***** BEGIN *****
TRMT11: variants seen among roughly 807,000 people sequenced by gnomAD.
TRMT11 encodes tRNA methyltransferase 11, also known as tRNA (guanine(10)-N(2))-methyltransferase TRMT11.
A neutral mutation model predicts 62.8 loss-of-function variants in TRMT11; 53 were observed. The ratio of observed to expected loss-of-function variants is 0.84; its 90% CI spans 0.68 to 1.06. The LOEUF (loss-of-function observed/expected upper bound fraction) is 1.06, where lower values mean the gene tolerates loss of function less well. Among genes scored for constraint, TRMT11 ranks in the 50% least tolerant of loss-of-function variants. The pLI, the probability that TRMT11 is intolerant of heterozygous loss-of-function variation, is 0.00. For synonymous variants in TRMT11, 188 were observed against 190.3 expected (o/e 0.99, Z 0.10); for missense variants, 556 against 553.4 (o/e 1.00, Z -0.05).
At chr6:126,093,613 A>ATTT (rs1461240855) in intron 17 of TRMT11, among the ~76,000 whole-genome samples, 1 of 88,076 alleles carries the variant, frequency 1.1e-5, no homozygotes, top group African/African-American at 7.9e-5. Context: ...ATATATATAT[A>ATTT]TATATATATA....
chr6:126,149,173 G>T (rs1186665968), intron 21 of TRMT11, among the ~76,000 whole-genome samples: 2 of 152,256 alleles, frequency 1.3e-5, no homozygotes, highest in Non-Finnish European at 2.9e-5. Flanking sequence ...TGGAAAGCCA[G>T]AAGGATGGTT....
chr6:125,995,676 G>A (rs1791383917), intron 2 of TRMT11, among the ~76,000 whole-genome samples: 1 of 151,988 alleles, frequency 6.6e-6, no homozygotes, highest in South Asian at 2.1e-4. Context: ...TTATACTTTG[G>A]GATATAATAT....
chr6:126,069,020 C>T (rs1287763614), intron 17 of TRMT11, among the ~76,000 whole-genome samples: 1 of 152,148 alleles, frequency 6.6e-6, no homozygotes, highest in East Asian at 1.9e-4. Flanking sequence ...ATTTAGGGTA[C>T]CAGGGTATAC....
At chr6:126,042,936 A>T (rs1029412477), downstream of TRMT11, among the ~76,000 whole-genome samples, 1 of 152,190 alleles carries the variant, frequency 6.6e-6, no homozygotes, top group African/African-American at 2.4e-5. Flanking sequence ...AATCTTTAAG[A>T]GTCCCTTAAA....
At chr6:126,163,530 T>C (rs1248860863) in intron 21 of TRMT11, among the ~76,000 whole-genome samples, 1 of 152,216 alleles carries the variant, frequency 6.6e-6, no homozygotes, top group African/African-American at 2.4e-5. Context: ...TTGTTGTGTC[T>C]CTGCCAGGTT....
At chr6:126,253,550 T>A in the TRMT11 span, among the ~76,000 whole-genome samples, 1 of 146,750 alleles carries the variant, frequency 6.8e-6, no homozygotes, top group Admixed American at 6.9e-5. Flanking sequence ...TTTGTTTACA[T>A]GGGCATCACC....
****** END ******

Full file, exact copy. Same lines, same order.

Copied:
TRMT11: variants seen among roughly 807,000 people sequenced by gnomAD.
TRMT11 encodes tRNA methyltransferase 11, also known as tRNA (guanine(10)-N(2))-methyltransferase TRMT11.
A neutral mutation model predicts 62.8 loss-of-function variants in TRMT11; 53 were observed. The ratio of observed to expected loss-of-function variants is 0.84; its 90% CI spans 0.68 to 1.06. The LOEUF (loss-of-function observed/expected upper bound fraction) is 1.06, where lower values mean the gene tolerates loss of function less well. Among genes scored for constraint, TRMT11 ranks in the 50% least tolerant of loss-of-function variants. The pLI, the probability that TRMT11 is intolerant of heterozygous loss-of-function variation, is 0.00. For synonymous variants in TRMT11, 188 were observed against 190.3 expected (o/e 0.99, Z 0.10); for missense variants, 556 against 553.4 (o/e 1.00, Z -0.05).
At chr6:126,093,613 A>ATTT (rs1461240855) in intron 17 of TRMT11, among the ~76,000 whole-genome samples, 1 of 88,076 alleles carries the variant, frequency 1.1e-5, no homozygotes, top group African/African-American at 7.9e-5. Context: ...ATATATATAT[A>ATTT]TATATATATA....
chr6:126,149,173 G>T (rs1186665968), intron 21 of TRMT11, among the ~76,000 whole-genome samples: 2 of 152,256 alleles, frequency 1.3e-5, no homozygotes, highest in Non-Finnish European at 2.9e-5. Flanking sequence ...TGGAAAGCCA[G>T]AAGGATGGTT....
chr6:125,995,676 G>A (rs1791383917), intron 2 of TRMT11, among the ~76,000 whole-genome samples: 1 of 151,988 alleles, frequency 6.6e-6, no homozygotes, highest in South Asian at 2.1e-4. Context: ...TTATACTTTG[G>A]GATATAATAT....
chr6:126,069,020 C>T (rs1287763614), intron 17 of TRMT11, among the ~76,000 whole-genome samples: 1 of 152,148 alleles, frequency 6.6e-6, no homozygotes, highest in East Asian at 1.9e-4. Flanking sequence ...ATTTAGGGTA[C>T]CAGGGTATAC....
At chr6:126,042,936 A>T (rs1029412477), downstream of TRMT11, among the ~76,000 whole-genome samples, 1 of 152,190 alleles carries the variant, frequency 6.6e-6, no homozygotes, top group African/African-American at 2.4e-5. Flanking sequence ...AATCTTTAAG[A>T]GTCCCTTAAA....
At chr6:126,163,530 T>C (rs1248860863) in intron 21 of TRMT11, among the ~76,000 whole-genome samples, 1 of 152,216 alleles carries the variant, frequency 6.6e-6, no homozygotes, top group African/African-American at 2.4e-5. Context: ...TTGTTGTGTC[T>C]CTGCCAGGTT....
At chr6:126,253,550 T>A in the TRMT11 span, among the ~76,000 whole-genome samples, 1 of 146,750 alleles carries the variant, frequency 6.8e-6, no homozygotes, top group Admixed American at 6.9e-5. Flanking sequence ...TTTGTTTACA[T>A]GGGCATCACC....